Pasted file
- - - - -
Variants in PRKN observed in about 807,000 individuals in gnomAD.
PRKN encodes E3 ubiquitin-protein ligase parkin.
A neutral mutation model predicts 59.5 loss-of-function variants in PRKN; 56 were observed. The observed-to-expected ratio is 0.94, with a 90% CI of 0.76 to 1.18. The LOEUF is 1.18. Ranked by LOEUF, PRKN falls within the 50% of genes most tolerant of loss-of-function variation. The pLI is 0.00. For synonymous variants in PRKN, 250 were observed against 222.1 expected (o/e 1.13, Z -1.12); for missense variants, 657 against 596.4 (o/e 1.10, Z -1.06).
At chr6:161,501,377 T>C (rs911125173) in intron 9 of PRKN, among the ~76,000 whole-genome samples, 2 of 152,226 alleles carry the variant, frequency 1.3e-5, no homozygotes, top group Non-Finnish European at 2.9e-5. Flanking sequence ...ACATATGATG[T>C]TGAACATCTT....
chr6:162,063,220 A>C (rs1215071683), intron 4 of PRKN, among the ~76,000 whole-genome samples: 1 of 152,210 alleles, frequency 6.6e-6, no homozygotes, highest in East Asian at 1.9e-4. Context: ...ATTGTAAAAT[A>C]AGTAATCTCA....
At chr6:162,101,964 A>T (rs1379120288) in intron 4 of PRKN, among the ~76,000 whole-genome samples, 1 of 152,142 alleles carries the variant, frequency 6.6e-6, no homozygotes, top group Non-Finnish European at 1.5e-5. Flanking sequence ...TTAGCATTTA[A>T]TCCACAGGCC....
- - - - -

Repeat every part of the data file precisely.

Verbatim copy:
Variants in PRKN observed in about 807,000 individuals in gnomAD.
PRKN encodes E3 ubiquitin-protein ligase parkin.
A neutral mutation model predicts 59.5 loss-of-function variants in PRKN; 56 were observed. The observed-to-expected ratio is 0.94, with a 90% CI of 0.76 to 1.18. The LOEUF is 1.18. Ranked by LOEUF, PRKN falls within the 50% of genes most tolerant of loss-of-function variation. The pLI is 0.00. For synonymous variants in PRKN, 250 were observed against 222.1 expected (o/e 1.13, Z -1.12); for missense variants, 657 against 596.4 (o/e 1.10, Z -1.06).
At chr6:161,501,377 T>C (rs911125173) in intron 9 of PRKN, among the ~76,000 whole-genome samples, 2 of 152,226 alleles carry the variant, frequency 1.3e-5, no homozygotes, top group Non-Finnish European at 2.9e-5. Flanking sequence ...ACATATGATG[T>C]TGAACATCTT....
chr6:162,063,220 A>C (rs1215071683), intron 4 of PRKN, among the ~76,000 whole-genome samples: 1 of 152,210 alleles, frequency 6.6e-6, no homozygotes, highest in East Asian at 1.9e-4. Context: ...ATTGTAAAAT[A>C]AGTAATCTCA....
At chr6:162,101,964 A>T (rs1379120288) in intron 4 of PRKN, among the ~76,000 whole-genome samples, 1 of 152,142 alleles carries the variant, frequency 6.6e-6, no homozygotes, top group Non-Finnish European at 1.5e-5. Flanking sequence ...TTAGCATTTA[A>T]TCCACAGGCC....